With the trial of 151 Kurdish politicians, lawyers, human rights activists, and others ongoing in Diyarbakır, Ahmet Türk and Aysel Tuğluk, former head and deputy, respectively, of the banned pro-Kurdish Democratic Society Party (DTP), petitioned Parliament on Tuesday to demand the restoration of their membership in the legislature.
The Turkish Constitutional Court shut down the DTP in December 2009 and prohibited both Türk and Tuğluk from re-entering politics for five years.
So why are they petitioning to get reinstated in parliament?
It goes back to last month’s referendum on the constitution. One article included in the amendment package—the 84th article of the Constitution—now states that deputies whose political party is closed down will be able to continue to participate in politics. The court will not be able to dismiss them from their positions as parliamentary representatives.
Hasip Kaplan, Şırnak deputy of the BDP (Peace and Democracy Party), took the case of two dismissed representatives to the Parliament, asking that they be reinstated as parliamentary deputies. He said that he thinks that ‘the return of their rights will strengthen democratic politics.’ The petition to reinstate Türk and Tuğluk was presented to Mehmet Ali Şahin, speaker of the parliament.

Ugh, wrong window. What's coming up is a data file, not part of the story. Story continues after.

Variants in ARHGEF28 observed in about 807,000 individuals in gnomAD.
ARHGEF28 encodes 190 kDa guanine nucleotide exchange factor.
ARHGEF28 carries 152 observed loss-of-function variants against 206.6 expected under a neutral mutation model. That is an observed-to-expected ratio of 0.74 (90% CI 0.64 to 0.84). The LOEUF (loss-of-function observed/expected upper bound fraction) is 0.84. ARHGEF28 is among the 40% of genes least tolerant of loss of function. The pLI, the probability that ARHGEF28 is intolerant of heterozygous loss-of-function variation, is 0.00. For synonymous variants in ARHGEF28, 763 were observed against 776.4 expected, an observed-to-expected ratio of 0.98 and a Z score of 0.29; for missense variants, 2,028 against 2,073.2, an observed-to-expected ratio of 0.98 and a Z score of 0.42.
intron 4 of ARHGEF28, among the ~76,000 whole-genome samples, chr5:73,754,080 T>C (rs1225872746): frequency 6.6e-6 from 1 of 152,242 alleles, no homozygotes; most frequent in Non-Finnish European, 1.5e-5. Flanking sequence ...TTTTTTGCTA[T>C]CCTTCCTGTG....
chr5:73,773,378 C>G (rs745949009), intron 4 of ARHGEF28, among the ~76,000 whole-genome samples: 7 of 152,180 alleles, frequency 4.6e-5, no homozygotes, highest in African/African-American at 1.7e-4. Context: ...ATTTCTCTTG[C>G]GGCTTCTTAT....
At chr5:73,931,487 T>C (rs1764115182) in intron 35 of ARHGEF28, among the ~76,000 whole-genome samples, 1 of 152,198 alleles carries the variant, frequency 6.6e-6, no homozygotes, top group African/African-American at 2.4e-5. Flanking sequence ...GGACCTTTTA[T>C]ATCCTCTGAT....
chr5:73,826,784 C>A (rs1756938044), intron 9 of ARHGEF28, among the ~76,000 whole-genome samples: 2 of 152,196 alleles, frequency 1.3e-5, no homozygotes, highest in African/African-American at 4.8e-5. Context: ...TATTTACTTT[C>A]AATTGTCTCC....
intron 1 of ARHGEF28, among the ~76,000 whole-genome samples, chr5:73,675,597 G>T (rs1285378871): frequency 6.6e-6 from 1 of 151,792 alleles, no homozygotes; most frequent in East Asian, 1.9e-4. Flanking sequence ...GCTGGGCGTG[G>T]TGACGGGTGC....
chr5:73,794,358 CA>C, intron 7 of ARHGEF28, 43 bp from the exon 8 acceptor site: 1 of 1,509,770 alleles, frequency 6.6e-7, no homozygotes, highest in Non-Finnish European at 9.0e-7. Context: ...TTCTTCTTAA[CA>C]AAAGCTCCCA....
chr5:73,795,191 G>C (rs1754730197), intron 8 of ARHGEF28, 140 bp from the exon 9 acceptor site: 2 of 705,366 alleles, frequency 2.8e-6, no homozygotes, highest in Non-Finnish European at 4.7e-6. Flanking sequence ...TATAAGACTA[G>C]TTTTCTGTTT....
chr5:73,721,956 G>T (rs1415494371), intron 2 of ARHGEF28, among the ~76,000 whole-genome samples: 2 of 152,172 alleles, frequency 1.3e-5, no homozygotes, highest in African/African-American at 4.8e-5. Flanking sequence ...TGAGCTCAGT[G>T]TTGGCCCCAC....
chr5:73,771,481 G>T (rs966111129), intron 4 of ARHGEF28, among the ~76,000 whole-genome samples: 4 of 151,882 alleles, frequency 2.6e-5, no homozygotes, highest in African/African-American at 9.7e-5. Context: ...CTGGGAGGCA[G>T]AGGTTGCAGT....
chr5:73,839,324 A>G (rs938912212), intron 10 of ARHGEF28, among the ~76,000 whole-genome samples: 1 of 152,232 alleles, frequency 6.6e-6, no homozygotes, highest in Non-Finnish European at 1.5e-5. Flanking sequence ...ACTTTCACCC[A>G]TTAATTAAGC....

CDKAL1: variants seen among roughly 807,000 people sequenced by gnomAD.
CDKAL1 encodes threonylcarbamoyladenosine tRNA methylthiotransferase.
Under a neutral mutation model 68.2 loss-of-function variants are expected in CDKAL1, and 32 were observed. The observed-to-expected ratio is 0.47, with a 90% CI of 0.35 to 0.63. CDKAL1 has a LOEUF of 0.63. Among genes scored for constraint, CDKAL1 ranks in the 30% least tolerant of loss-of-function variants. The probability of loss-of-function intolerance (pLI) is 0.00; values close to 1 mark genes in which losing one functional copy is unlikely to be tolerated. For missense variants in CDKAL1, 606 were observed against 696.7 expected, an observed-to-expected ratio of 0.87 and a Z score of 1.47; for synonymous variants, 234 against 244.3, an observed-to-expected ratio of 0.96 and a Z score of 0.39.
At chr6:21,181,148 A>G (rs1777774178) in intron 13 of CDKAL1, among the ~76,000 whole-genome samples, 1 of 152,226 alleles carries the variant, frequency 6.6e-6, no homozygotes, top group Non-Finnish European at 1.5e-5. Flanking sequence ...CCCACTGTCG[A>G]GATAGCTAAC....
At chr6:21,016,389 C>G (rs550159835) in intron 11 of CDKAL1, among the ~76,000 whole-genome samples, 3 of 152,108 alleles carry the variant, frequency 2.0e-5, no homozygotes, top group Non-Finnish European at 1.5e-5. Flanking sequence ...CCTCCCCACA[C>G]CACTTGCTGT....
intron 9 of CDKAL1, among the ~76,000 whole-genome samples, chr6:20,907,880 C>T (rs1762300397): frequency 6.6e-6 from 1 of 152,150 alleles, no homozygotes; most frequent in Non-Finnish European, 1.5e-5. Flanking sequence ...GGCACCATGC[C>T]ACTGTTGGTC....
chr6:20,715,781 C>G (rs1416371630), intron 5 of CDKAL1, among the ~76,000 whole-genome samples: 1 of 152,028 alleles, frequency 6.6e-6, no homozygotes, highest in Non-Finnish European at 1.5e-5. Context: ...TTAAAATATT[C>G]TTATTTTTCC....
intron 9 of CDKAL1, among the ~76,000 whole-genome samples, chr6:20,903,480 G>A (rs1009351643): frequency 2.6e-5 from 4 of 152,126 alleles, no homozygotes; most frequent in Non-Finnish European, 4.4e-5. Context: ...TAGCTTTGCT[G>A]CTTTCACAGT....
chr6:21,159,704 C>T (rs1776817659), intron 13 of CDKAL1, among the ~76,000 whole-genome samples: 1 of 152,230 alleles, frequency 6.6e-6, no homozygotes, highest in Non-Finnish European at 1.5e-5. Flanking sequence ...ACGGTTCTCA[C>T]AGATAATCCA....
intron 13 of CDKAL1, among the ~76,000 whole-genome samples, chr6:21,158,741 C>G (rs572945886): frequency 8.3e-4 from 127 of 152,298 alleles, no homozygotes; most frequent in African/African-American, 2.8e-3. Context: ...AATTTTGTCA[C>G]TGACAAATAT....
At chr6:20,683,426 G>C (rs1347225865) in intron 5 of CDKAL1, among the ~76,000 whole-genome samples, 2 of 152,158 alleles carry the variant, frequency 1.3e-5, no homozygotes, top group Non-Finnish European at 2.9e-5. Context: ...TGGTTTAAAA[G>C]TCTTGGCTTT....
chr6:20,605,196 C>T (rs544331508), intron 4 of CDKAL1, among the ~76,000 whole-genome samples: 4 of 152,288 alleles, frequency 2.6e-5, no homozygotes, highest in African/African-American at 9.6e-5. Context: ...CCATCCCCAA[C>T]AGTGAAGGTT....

Hikmet Sami Türk, a former justice minister, agrees that the petitions of Türk and Tuğluk need to be accepted and that their membership in Parliament be restored. The parliamentary term for which the two former deputies were elected has not yet ended, and thus they need to re-obtain their titles as deputies, said the former justice minister.
The petition will now be sent to the Parliament’s Justice Commission for evaluation. AK Party deputy from Istanbul, Burhan Kuzu heads the commission and refused to comment on the submission of the petition. Kuzu has also been tapped to begin drafting a new constitution for the country.
However, there will resistance to the request. Constitutional law expert Ergun Özbudun, does not agree with Kaplan or others in favour of restoring their membership in parliament. He said newly passed laws could not be applied retroactively. ‘A law or a constitutional amendment cannot be applied to what happened in the past unless they indicate the contrary,’ he said.
Indeed, it would be surprising if the Justice Commission ruled in favour of the petition.
Türk, Tuğluk seek to restore Parliament membership. Today’s Zaman, 27 October 2010.
BDP brings banned representatives’ case to Turkish Parliament. Hürriyet Daily News, 26 October 2010.